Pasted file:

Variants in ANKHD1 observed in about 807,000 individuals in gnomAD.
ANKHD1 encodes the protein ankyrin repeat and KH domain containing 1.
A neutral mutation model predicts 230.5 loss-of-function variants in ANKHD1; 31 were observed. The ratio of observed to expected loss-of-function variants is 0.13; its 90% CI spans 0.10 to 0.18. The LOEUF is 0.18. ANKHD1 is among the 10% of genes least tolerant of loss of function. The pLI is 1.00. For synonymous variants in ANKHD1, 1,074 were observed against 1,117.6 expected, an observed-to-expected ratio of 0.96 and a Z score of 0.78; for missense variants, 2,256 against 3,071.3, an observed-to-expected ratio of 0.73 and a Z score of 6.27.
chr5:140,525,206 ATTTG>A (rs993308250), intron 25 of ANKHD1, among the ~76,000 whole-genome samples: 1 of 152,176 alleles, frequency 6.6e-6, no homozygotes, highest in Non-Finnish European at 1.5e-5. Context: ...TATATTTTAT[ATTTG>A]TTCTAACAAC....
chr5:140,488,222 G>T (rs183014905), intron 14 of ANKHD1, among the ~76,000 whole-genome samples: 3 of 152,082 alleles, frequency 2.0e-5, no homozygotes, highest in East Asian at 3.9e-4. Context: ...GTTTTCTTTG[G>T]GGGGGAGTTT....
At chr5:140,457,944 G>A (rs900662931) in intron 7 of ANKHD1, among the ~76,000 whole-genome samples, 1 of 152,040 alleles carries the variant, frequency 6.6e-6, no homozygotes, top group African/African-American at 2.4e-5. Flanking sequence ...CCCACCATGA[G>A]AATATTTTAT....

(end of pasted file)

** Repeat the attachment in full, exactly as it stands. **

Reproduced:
Variants in ANKHD1 observed in about 807,000 individuals in gnomAD.
ANKHD1 encodes the protein ankyrin repeat and KH domain containing 1.
A neutral mutation model predicts 230.5 loss-of-function variants in ANKHD1; 31 were observed. The ratio of observed to expected loss-of-function variants is 0.13; its 90% CI spans 0.10 to 0.18. The LOEUF is 0.18. ANKHD1 is among the 10% of genes least tolerant of loss of function. The pLI is 1.00. For synonymous variants in ANKHD1, 1,074 were observed against 1,117.6 expected, an observed-to-expected ratio of 0.96 and a Z score of 0.78; for missense variants, 2,256 against 3,071.3, an observed-to-expected ratio of 0.73 and a Z score of 6.27.
chr5:140,525,206 ATTTG>A (rs993308250), intron 25 of ANKHD1, among the ~76,000 whole-genome samples: 1 of 152,176 alleles, frequency 6.6e-6, no homozygotes, highest in Non-Finnish European at 1.5e-5. Context: ...TATATTTTAT[ATTTG>A]TTCTAACAAC....
chr5:140,488,222 G>T (rs183014905), intron 14 of ANKHD1, among the ~76,000 whole-genome samples: 3 of 152,082 alleles, frequency 2.0e-5, no homozygotes, highest in East Asian at 3.9e-4. Context: ...GTTTTCTTTG[G>T]GGGGGAGTTT....
At chr5:140,457,944 G>A (rs900662931) in intron 7 of ANKHD1, among the ~76,000 whole-genome samples, 1 of 152,040 alleles carries the variant, frequency 6.6e-6, no homozygotes, top group African/African-American at 2.4e-5. Flanking sequence ...CCCACCATGA[G>A]AATATTTTAT....